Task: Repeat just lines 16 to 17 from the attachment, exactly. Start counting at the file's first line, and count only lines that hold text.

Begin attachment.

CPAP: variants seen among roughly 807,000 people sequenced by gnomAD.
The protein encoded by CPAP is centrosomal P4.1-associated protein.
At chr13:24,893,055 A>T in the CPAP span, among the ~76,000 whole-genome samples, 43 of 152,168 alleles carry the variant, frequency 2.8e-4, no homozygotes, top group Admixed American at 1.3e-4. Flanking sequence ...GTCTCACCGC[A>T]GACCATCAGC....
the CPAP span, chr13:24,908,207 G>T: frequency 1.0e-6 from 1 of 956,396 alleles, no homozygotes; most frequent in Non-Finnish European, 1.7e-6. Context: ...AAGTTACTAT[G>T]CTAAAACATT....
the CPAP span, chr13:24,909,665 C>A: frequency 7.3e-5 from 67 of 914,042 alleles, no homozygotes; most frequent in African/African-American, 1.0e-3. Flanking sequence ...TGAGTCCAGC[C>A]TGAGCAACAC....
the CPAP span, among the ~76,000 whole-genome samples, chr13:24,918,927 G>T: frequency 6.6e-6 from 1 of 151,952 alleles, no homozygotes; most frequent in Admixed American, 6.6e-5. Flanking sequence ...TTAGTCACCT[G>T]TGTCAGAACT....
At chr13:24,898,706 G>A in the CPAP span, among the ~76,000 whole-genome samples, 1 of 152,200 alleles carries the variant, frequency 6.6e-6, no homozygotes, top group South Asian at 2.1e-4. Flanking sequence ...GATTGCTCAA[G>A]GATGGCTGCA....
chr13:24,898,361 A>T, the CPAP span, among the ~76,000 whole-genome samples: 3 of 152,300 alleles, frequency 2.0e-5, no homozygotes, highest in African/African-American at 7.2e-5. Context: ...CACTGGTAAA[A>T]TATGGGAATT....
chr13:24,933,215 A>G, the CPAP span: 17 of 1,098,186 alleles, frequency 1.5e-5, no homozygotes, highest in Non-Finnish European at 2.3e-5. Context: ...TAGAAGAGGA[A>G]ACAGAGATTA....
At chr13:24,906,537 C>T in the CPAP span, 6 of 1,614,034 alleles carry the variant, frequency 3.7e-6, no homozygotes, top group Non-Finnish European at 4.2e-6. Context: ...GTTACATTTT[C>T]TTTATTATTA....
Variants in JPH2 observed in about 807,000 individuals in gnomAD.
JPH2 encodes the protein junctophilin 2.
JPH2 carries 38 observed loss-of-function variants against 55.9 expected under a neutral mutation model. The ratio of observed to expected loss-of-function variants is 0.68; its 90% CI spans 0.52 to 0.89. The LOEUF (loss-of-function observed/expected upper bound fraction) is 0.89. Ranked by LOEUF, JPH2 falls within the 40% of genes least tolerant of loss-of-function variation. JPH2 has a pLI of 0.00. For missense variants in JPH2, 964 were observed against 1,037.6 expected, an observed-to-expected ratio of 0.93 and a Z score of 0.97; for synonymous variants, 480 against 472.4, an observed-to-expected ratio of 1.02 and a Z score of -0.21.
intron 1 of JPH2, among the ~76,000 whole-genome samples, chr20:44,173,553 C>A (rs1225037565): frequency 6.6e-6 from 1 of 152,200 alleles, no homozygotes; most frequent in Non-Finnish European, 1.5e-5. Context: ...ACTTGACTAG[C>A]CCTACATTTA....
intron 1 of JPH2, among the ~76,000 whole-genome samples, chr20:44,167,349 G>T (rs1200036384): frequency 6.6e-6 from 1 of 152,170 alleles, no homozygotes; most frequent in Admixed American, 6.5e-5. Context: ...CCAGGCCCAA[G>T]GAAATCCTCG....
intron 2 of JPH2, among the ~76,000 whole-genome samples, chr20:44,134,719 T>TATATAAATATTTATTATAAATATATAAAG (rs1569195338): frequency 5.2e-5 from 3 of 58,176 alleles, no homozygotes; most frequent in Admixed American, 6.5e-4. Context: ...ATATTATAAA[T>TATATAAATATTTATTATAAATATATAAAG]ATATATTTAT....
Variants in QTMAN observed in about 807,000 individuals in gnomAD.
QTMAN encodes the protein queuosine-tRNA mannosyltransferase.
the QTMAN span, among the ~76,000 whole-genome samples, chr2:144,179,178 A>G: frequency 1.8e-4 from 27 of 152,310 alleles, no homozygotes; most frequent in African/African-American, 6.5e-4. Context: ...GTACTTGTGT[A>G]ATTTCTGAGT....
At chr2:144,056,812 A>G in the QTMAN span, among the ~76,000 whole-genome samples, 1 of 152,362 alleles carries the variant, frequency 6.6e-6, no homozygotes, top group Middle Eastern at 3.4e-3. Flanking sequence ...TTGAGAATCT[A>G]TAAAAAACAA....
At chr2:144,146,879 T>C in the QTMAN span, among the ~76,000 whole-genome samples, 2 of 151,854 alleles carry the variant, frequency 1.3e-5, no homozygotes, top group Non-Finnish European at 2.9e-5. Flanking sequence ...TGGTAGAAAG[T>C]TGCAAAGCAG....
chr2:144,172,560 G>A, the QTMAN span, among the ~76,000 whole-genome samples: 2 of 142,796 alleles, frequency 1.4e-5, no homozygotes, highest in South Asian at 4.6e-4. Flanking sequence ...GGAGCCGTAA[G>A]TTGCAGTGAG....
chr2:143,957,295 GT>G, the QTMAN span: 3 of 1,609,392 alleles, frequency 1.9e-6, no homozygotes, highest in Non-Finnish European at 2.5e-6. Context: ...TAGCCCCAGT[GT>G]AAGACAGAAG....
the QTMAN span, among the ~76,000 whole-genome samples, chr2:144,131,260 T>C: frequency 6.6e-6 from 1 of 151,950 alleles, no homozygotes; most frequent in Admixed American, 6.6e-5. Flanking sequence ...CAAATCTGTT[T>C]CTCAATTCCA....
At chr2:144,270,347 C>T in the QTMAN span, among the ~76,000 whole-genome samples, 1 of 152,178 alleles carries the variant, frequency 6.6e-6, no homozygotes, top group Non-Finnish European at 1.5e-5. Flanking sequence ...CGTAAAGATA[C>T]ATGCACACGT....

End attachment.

intron 2 of JPH2, among the ~76,000 whole-genome samples, chr20:44,134,719 T>TATATAAATATTTATTATAAATATATAAAG (rs1569195338): frequency 5.2e-5 from 3 of 58,176 alleles, no homozygotes; most frequent in Admixed American, 6.5e-4. Context: ...ATATTATAAA[T>TATATAAATATTTATTATAAATATATAAAG]ATATATTTAT....
Variants in QTMAN observed in about 807,000 individuals in gnomAD.